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Pfalse Hope?

November 16, 2020

Last Week This Morning

  • 10 Year Treasury set a post-COVID high of 0.97% before retracing and closing the week at 0.896%
    • German bund at -0.54%
  • 2 Year Treasury closed at 0.18%
  • LIBOR at 0.14%
  • SOFR is 0.09%
  • Positive vaccine news!
  • CPI came in at 1.2% vs forecasted 1.3%
  • Core PPI 1.1% vs forecasted 1.2%
  • Univ of Michigan Consumer Sentiment Index came in at 77 vs forecasted 82
  • The Masters started and I didn’t even realize it, just like college football and James Franklin
  • Janet Yellen is on Biden’s short list for Treasury Secretary
  • The election was 13 days ago or was it two years?

 

Pfalse Hope?

Pfizer’s news was just the good news we needed in the face of surging cases.  Markets and rates spiked, and understandably so.

Early indications are that the vaccine is nearly 95% effective.  Annual flu shot effectiveness?  About 50%.  And that’s pretty normal.  In fact, only chickenpox and measles vaccinations have effectiveness > 90%.

“I’ve been in vaccine development for 35 years,” William Gruber, Pfizer’s senior vice president of vaccine clinical research and development. “I’ve seen some really good things. This is extraordinary.”  He wasn’t just tooting his own horn, either.

“If that headline number really holds up, that is huge. That is much better than I was expecting and it will make a huge difference,” said Ashish Jha, the dean of the School of Public Health at Brown University.

The vaccine is different than a season flu shot because it uses mRNA, or messenger RNA, technology.  Rather than injecting a dead version of the virus, it injects instructions for the body’s immune system.  The FDA has not approved an mRNA vaccine before now.

Pfizer hopes to manufacture about 50mm doses before year end, and about 1.3B next year.  A successful vaccination requires two doses, 3 weeks apart, so that would potentially vaccinate 650mm people next year.  Plus, Moderna is utilizing a similar approach and is expected to announce results in the next week or so.

There’s a very real chance that more than one billion people could be vaccinated in 2021.  Fauci estimates that most Americans will have access to a vaccine around April.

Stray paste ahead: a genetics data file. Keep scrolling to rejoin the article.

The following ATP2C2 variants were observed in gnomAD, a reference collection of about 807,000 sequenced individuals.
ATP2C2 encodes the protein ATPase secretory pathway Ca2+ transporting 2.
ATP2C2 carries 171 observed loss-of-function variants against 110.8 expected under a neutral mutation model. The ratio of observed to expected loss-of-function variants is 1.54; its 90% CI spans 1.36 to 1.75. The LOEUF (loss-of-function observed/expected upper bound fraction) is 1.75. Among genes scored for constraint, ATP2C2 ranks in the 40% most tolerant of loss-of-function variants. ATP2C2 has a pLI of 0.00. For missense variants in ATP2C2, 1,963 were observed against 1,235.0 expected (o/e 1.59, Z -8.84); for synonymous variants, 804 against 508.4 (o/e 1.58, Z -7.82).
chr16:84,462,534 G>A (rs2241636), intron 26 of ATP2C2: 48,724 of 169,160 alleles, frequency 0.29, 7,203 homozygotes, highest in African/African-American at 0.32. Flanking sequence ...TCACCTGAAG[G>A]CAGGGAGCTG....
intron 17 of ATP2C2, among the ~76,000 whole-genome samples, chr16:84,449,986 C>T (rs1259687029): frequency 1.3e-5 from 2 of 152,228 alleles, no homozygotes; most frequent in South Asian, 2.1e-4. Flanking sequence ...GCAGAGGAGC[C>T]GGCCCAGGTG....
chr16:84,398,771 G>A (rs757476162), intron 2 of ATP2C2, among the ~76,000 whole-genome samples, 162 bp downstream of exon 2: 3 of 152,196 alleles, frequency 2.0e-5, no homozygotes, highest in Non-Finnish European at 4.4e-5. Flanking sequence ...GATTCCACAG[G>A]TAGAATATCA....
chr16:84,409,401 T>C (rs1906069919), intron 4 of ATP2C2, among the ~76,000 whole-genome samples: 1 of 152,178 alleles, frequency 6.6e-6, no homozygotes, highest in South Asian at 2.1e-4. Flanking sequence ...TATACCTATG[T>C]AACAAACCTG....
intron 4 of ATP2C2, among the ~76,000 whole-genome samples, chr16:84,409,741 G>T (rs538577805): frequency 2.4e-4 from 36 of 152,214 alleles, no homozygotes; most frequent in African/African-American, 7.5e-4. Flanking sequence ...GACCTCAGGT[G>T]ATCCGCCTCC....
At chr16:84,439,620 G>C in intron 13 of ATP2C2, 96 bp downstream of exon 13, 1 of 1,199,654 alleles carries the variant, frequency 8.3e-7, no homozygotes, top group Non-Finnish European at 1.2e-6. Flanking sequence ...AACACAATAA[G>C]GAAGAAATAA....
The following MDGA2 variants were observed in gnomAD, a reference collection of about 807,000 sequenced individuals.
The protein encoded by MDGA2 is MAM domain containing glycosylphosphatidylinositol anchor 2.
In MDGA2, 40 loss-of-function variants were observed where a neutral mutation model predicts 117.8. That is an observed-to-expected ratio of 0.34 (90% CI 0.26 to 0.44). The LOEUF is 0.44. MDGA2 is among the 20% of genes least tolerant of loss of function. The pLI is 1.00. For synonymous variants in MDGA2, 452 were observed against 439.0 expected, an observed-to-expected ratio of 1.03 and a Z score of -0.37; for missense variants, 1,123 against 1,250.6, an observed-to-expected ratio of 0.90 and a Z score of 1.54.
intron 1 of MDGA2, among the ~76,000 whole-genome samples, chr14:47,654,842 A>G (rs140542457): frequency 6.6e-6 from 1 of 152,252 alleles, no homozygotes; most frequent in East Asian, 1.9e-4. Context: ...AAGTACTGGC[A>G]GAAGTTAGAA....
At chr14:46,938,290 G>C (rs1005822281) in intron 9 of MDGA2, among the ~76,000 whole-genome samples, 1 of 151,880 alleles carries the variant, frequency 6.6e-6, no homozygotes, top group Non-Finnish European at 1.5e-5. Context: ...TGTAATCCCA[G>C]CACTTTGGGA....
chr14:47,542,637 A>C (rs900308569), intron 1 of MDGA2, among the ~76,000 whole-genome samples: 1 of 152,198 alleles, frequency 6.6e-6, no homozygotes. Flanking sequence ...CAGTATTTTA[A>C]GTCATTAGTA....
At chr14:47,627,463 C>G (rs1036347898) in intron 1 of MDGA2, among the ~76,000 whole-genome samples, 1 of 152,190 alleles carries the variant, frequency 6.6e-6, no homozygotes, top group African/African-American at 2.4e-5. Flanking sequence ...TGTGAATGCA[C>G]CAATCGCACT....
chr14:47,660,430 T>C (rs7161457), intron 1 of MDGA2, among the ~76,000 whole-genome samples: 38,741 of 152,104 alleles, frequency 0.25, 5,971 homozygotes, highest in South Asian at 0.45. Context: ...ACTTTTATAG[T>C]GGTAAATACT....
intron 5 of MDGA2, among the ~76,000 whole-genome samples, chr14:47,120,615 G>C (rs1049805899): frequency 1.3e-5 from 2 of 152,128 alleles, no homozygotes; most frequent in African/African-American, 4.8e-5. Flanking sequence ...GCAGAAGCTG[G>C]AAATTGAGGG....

There are, however, some initial questions and concerns:

  1. The underlying data has not yet been released, nor has the study been peer reviewed. Pfizer hired an outside research firm to manage the results, so I don’t think it’s likely we’re being misled.  But there is at least some possibility of disappointment when the fine print gets released.
  2. What percentage of the participants were elderly or in other risk categories?
  3. How long does it last?
  4. How safe is it? The FDA has said it will approve any vaccine with at least 50% effectiveness and no significant health risks.  Pfizer will be monitoring participants for two years, but the first major timeline hurdle comes right before Thanksgiving.
  5. It needs to be kept at -100°, which most facilities are ill-equipped to do. Plus, how do you ship 1.3B doses of something while keeping it that cold?

 

It seems unlikely that any of those are deal killers.  Overall, this news is resoundingly positive.  BofA noted that equities had their single largest weekly inflow.  Ever.

So why am I wondering if it’s pfalse hope?

We are heading toward another shut down.

The US had 184k new cases on Friday. Compare that to the mid-September low of 34k.  NYC and Chicago are tightening restrictions again.  Governors like our own are reversing course on re-openings.  Europe is shutting down again.

NY Governor Cuomo made a name for himself early on in the pandemic by conducting daily press briefings, with some cynics (not me) wondering how his sensationalism might be contributing to the problem.  How does he not tighten restrictions?  That’s his thing, right?  He was very proud of New York’s progress as an early mover, why would it be different this time around?  While we’re on the topic, did he ever get those 33,000 ventilators?

Bloomberg puts the 10T at the top end of the range right now, with 1.17% and 1.27% on the table if we break through the key psychological level of 1.00%.

Put me in the camp of it being more likely to see us test the low-end range of 0.73%.  Surging cases, tightening restrictions, expiration of eviction moratoriums, growing delinquencies, lack of stimulus progress, etc.

While the Pfizer news is fantastic, I think the knee jerk reaction by the market last week will be gradually offset by the reality that we are still in an economic quagmire.

Plus, global negative yielding debt is back at an all-time high.  When $17T of the bonds in the world have a negative yield, how great does our own 10 Year Treasury look at 0.90%?  Money flows in and the 10T yield comes back down.

Source: Bloomberg Finance, LP

Even if the 10T doesn’t trend back down, I’m not sure how it continues up to 1.25% right now.  It just feels premature.

If we asked 100 people, “who should get the vaccine first?”, I bet nearly everyone would say healthcare workers and the elderly, right?

That means we have concluded that different groups have different risks.  Seems pretty intuitive, right?

Then why are we still using blunt restrictions to target an issue that requires precision?

I think politicians will react inappropriately once again, believing something is better than nothing, even if that something hasn’t proven effective in the past.  I eagerly await the day a vaccine strips politicians of the ability to force ineffective policies on the economy.

 

Week Ahead

Lots of second tier economic data, like retail sales and housing starts.  Obviously, vaccine and election news will be the market movers.

 


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